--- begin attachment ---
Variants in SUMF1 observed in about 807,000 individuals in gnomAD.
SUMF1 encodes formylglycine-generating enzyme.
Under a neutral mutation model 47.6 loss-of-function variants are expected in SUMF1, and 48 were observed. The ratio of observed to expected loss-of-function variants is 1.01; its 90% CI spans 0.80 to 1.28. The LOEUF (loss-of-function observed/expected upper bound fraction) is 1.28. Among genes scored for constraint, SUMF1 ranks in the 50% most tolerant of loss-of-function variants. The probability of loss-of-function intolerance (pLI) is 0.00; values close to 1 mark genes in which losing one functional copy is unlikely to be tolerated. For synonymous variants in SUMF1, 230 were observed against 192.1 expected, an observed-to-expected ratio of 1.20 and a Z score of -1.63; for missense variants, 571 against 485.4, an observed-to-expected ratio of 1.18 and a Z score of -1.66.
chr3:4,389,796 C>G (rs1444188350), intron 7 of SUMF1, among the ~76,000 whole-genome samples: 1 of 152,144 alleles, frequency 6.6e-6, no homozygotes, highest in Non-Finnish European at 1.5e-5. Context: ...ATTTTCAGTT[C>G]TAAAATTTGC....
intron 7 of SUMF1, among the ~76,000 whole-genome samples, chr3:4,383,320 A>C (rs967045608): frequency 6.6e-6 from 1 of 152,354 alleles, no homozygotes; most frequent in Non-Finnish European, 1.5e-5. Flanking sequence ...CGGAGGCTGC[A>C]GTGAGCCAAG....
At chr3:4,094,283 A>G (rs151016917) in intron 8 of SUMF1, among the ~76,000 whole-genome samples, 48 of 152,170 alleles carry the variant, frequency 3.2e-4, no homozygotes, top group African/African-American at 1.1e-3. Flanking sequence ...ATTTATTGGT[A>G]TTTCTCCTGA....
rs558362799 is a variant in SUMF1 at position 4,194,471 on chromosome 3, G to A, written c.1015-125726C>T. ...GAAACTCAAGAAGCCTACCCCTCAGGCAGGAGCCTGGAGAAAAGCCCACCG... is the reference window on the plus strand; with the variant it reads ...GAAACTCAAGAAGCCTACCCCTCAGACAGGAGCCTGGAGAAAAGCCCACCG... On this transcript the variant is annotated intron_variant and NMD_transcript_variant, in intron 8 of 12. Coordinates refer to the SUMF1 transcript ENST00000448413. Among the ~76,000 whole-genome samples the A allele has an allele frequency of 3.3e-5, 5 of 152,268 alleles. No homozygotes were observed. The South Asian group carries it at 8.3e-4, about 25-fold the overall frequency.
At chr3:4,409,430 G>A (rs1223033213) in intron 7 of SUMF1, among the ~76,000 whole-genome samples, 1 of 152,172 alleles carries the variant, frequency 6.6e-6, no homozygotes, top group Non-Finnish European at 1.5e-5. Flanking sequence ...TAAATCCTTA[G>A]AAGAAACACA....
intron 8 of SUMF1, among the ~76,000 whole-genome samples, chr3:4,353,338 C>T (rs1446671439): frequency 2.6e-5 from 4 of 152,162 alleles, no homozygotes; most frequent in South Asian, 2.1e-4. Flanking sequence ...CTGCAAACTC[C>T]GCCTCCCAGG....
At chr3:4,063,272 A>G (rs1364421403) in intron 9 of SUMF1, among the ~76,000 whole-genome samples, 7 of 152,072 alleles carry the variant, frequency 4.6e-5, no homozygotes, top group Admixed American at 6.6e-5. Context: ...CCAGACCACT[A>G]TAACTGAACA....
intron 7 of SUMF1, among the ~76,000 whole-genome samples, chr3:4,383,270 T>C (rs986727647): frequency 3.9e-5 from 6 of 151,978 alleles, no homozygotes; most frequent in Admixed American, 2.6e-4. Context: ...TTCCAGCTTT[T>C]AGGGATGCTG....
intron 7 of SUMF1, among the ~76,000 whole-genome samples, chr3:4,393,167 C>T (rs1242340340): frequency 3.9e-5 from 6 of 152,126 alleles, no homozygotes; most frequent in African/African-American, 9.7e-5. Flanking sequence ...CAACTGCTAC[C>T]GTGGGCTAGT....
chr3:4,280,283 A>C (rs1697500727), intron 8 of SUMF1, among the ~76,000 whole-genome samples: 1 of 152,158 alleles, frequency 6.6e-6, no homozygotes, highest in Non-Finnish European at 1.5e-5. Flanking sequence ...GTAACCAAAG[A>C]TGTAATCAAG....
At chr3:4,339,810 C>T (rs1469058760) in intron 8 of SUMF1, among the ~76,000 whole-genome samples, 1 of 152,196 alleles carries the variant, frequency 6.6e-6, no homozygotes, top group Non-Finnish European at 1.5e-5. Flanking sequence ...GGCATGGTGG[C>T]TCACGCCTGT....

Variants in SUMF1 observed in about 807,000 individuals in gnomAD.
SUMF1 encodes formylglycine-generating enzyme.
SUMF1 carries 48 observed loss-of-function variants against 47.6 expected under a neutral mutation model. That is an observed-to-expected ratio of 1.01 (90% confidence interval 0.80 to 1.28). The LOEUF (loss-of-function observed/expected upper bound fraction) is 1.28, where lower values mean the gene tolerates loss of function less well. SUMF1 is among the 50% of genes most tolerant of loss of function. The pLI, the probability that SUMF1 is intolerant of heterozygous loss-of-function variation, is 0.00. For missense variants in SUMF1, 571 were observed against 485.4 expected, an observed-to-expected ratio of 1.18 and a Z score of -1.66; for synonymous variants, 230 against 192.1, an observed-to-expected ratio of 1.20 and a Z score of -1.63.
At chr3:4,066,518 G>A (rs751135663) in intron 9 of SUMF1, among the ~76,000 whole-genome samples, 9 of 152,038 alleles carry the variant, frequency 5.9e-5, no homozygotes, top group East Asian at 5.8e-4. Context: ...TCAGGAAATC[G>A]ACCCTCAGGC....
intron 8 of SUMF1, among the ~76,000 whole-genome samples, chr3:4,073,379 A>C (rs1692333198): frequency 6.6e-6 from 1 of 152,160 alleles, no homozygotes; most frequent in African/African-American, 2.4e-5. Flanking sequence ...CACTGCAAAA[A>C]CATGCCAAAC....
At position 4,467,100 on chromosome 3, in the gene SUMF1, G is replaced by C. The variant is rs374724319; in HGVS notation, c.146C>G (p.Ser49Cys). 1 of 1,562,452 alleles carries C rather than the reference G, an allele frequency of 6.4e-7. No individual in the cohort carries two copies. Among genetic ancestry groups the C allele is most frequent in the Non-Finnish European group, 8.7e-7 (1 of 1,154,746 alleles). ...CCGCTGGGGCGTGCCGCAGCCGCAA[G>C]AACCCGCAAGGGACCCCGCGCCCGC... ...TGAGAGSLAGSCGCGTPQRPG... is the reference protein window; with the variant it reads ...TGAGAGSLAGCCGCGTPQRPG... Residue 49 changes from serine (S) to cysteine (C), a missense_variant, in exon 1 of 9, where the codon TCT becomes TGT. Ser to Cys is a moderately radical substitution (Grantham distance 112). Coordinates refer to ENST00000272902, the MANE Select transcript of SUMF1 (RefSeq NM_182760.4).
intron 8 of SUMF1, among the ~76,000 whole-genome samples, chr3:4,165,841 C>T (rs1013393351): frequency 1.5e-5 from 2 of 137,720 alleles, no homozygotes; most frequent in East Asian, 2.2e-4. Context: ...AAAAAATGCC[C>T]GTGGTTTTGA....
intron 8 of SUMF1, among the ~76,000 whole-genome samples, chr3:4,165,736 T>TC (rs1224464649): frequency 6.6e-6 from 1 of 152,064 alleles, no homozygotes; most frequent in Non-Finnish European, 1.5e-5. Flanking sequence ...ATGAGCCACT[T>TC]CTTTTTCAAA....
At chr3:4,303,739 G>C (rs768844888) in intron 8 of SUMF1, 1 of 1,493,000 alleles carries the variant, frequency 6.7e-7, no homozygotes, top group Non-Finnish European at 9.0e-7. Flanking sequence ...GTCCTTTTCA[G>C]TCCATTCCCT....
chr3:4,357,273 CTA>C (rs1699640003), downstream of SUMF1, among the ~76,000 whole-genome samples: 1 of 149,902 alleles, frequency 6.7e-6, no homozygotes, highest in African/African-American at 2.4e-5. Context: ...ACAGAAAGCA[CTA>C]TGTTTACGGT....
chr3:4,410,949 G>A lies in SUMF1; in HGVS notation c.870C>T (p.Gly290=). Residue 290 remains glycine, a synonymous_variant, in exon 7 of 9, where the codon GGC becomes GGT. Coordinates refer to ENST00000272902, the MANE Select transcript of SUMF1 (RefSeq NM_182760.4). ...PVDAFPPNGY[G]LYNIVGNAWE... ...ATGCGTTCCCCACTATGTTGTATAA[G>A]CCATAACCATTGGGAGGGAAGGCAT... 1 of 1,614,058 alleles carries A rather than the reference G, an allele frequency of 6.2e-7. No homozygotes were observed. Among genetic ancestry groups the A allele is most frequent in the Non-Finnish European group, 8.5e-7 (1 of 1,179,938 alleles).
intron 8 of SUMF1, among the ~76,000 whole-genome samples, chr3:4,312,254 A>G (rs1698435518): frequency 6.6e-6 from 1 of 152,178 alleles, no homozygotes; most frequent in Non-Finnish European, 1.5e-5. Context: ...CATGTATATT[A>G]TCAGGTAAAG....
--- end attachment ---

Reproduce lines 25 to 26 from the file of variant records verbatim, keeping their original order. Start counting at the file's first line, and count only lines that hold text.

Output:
chr3:4,410,949 G>A lies in SUMF1; in HGVS notation c.870C>T (p.Gly290=). Residue 290 remains glycine, a synonymous_variant, in exon 7 of 9, where the codon GGC becomes GGT. Coordinates refer to ENST00000272902, the MANE Select transcript of SUMF1 (RefSeq NM_182760.4). ...PVDAFPPNGY[G]LYNIVGNAWE... ...ATGCGTTCCCCACTATGTTGTATAA[G>A]CCATAACCATTGGGAGGGAAGGCAT... 1 of 1,614,058 alleles carries A rather than the reference G, an allele frequency of 6.2e-7. No homozygotes were observed. Among genetic ancestry groups the A allele is most frequent in the Non-Finnish European group, 8.5e-7 (1 of 1,179,938 alleles).
intron 8 of SUMF1, among the ~76,000 whole-genome samples, chr3:4,312,254 A>G (rs1698435518): frequency 6.6e-6 from 1 of 152,178 alleles, no homozygotes; most frequent in Non-Finnish European, 1.5e-5. Context: ...CATGTATATT[A>G]TCAGGTAAAG....